In a press conference on Sunday, the COP said it expected Weah or Jewel Taylor, his vice-president and ex-wife of former warlord, Charles Taylor, to receive their petition. It also said that some of its members are being detained.
“Currently, about 20 peaceful and law-abiding youth and students are being held at the Central Prison, in detention. We call on the government of Liberia to release those peaceful citizens that have been abducted by the state. We also noticed the use of foreign security forces on the day of protest wearing state security uniforms.”
Why these outright rejection and denunciations? The media said inflation is up, growth forecasts slashed, and the IMF noted that government wages are crowding everything else out.
Protestors also want Finance Minister Samuel Tweah and Central Bank governor, Nathaniel dismissed.
The youth, a big part of the coalition of voters that put Weah into power, feel betrayed. In addition, corruption and legacy issues relating to the tenure of his predecessor, Ellen Johnson-Sirleaf, still linger. There has been controversy surrounding a $25 million cash injection into the economy, after the president revealed that $8 million was missing. Shipping containers laden with about $104 million freshly-minted Liberian bank notes - about 5 per cent of the country’s GDP – went missing last year. There is also an outcry for the establishment of a war crimes court to try those involved in Liberia’s civil war, which lasted from 1989-1997.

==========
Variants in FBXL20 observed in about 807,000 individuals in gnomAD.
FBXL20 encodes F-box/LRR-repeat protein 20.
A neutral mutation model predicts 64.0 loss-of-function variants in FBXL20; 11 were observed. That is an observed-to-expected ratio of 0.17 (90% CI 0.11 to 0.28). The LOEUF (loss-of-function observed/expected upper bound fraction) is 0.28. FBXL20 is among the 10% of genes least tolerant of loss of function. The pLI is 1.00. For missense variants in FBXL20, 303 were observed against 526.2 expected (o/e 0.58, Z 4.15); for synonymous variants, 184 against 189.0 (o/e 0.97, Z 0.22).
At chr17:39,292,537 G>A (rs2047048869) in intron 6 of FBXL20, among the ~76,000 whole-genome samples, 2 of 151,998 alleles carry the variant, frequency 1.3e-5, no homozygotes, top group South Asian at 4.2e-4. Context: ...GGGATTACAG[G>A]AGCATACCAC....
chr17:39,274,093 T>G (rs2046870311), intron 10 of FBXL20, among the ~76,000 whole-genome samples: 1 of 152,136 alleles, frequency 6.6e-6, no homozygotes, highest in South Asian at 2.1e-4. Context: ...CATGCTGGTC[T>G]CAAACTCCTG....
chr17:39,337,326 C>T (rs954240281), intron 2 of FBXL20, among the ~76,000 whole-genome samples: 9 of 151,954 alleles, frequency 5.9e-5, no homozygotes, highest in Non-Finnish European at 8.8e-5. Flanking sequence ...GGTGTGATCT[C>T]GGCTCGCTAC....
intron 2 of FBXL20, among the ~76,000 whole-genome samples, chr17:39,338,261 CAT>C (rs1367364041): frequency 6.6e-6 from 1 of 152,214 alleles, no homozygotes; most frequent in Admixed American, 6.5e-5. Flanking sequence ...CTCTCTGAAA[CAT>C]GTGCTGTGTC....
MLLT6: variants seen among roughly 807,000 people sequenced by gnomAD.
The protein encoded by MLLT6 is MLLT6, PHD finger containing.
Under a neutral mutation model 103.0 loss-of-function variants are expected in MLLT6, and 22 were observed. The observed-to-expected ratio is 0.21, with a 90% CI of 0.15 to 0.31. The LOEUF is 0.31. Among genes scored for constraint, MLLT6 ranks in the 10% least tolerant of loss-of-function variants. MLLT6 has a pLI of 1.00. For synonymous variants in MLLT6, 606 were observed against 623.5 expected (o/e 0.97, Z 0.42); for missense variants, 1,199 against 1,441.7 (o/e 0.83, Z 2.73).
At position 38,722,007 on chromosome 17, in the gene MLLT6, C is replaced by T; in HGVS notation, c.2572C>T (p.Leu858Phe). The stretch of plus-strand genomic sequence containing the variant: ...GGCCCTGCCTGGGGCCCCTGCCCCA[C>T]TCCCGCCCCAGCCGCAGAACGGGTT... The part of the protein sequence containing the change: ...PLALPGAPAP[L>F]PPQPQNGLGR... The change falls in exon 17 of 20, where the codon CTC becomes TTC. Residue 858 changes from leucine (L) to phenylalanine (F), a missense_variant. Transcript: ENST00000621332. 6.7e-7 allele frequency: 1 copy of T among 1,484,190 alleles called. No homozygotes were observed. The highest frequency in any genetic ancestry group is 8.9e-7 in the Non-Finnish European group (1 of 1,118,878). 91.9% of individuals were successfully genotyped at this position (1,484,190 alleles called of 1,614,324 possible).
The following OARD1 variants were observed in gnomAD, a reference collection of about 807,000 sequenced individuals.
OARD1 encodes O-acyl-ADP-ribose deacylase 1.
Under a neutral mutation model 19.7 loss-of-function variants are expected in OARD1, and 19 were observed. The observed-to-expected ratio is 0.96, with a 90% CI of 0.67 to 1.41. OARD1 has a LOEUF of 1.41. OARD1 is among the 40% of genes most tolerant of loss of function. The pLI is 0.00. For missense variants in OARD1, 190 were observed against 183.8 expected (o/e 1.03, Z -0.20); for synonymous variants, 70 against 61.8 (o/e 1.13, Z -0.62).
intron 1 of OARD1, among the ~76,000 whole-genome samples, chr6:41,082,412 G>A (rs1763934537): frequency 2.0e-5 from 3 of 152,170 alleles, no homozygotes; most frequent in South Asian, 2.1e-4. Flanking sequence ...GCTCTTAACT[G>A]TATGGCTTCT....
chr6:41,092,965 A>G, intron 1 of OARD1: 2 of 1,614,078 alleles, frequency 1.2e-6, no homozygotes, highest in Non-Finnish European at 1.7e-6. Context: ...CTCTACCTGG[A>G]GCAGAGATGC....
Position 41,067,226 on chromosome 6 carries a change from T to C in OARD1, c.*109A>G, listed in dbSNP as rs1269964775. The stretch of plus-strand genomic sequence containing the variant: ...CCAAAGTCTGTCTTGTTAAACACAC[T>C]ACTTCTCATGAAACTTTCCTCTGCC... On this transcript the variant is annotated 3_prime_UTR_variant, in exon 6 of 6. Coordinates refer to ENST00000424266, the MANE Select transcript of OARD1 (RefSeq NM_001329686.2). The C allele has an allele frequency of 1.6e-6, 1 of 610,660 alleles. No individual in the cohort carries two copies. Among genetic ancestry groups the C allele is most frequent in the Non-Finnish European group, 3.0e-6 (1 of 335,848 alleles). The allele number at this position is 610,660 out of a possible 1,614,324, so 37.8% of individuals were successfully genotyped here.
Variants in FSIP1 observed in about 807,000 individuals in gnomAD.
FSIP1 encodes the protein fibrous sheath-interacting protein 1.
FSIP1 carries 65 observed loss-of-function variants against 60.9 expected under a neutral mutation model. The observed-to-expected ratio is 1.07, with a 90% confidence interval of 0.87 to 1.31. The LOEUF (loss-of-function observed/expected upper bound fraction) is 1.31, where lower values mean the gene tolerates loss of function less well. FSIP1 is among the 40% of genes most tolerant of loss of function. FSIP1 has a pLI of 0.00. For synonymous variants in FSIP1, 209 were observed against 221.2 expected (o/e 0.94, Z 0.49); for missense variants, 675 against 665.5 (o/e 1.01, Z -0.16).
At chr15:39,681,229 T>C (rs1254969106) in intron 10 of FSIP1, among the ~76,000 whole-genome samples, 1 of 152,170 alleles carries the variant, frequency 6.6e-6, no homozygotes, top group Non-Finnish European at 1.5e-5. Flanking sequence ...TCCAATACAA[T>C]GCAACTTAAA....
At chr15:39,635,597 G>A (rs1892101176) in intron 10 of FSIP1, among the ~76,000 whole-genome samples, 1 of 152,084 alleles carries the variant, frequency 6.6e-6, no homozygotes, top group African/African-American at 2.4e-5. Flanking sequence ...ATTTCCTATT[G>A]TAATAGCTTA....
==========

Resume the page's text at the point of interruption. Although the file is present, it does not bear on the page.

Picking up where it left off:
The former World Player of the Year responded by borrowing a leaf from the playbook of fellow West African states like Togo and Benin: internet was cut, suppressing access to Facebook, WhatsApp and Instagram, in a bid to undermine the convening power of the organisers.
He bellowed from the high horse of totalitarianism:
“Those that are constantly insulting the president, I want to be clear”, he warned in a June 6 address while commissioning a market. “After this, there will be no citizens in this country… that will ever insult the president and think you will walk on the streets freely.”